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Hackers use this site to find their next victims

Hackers use this site to find their next victims
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In our increasingly advanced technical world, more and more people are beginning to rely on and trust their smart devices for many different uses. They sure have their conveniences. At the same time, those conveniences may put us at a disadvantage, especially when it comes to the security of said “smart” gadgets.

Smart devices are also known as Internet of Things (IoT) connected gadgets and if not fully secured, can be accessed by anyone. As if this isn’t a scary enough notion, there is a website that not only encourages people to access their smart devices to make sure they're functioning properly, but makes it easy for cybercriminals to hack into them as well.

We’re talking about the search engine Shodan. (Note: You may not like everything on this site or find some images disturbing).

Since its inception in 2013, Shodan’s search engine encourages its users to scan the web in search of live feeds from web cams, security cameras, even routers.

The site includes a gallery of screenshots showing people’s yards, children’s bedrooms, people sitting in bars, walking down the street, playing in parks, sitting in classrooms. They even have live footage of bank vaults.

You may be thinking, how is it even legal? Shodan’s specialty is locating vulnerable cameras that use the Real Time Streaming Protocol (RTSP) and have no password in place to protect the feed.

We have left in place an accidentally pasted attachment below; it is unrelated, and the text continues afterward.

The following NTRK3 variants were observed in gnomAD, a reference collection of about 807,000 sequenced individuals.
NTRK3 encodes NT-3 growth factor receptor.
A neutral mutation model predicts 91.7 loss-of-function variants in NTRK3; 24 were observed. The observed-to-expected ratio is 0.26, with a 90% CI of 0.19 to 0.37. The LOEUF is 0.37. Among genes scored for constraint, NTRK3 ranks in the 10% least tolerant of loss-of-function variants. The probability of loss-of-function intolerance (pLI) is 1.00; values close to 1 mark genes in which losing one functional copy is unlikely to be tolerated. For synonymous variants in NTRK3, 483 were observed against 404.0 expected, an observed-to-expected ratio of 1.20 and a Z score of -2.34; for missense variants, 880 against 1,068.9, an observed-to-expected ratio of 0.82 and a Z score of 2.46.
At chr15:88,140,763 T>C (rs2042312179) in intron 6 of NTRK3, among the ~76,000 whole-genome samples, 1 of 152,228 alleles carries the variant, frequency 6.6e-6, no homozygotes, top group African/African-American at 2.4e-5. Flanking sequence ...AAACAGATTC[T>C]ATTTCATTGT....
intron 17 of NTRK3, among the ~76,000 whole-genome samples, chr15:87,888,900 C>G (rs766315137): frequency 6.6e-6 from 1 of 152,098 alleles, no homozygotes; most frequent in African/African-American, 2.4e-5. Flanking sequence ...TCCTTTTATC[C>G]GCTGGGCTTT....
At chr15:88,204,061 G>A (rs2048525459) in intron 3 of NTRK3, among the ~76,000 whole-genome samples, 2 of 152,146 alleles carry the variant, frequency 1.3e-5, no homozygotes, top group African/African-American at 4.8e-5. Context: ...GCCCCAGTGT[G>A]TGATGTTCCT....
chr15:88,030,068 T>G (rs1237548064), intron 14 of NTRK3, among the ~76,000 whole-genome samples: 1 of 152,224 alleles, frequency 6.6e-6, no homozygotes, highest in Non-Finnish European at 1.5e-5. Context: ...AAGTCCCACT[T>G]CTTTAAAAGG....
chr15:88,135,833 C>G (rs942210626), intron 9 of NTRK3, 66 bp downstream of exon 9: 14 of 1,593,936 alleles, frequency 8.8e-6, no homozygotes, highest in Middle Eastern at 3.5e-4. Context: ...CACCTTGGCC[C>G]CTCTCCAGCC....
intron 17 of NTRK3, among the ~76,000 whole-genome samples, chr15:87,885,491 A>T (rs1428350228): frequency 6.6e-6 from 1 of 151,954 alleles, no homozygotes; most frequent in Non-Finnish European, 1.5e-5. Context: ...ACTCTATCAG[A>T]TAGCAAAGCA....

This is also considered a hacker’s playground. Shodan allows anyone access to people’s devices and their lives with no protection. Not only can they see what you’re doing, they know how to infiltrate all your devices and take control, leaving you completely vulnerable and not even knowing your privacy has been violated until it’s too late.

What is being done about it?

The other concern is regulation. The more popular these devices are becoming, the more access cybercriminals have to our daily lives.

Manufacturers don’t seem to be making much of an effort in securing devices with easily accessible default passwords. Even the Federal Trade Commission (FTC) has been made aware of the situation and has implored these manufacturing companies to enforce better security on product performance.

But it’s not enough, it’s never enough. Until there are tighter security measures put in place where hackers can't find a workaround, and sites like Shodan go away for good, we’re pretty much on our own to protect ourselves and our families.

The best way around this is when you install a security camera or router in your home, you have to be sure to change the default password if possible. Sites such as Shodan can easily access default passwords set up for IoT devices.

Also, prior to installing any product that connects to your home network, or transmits a signal, it's important to research the gadget's security settings. You should always search online to see if any security issues have been reported, or vulnerabilities have been found in said device. If so, return it and find something more secure or go without it until the product improves.

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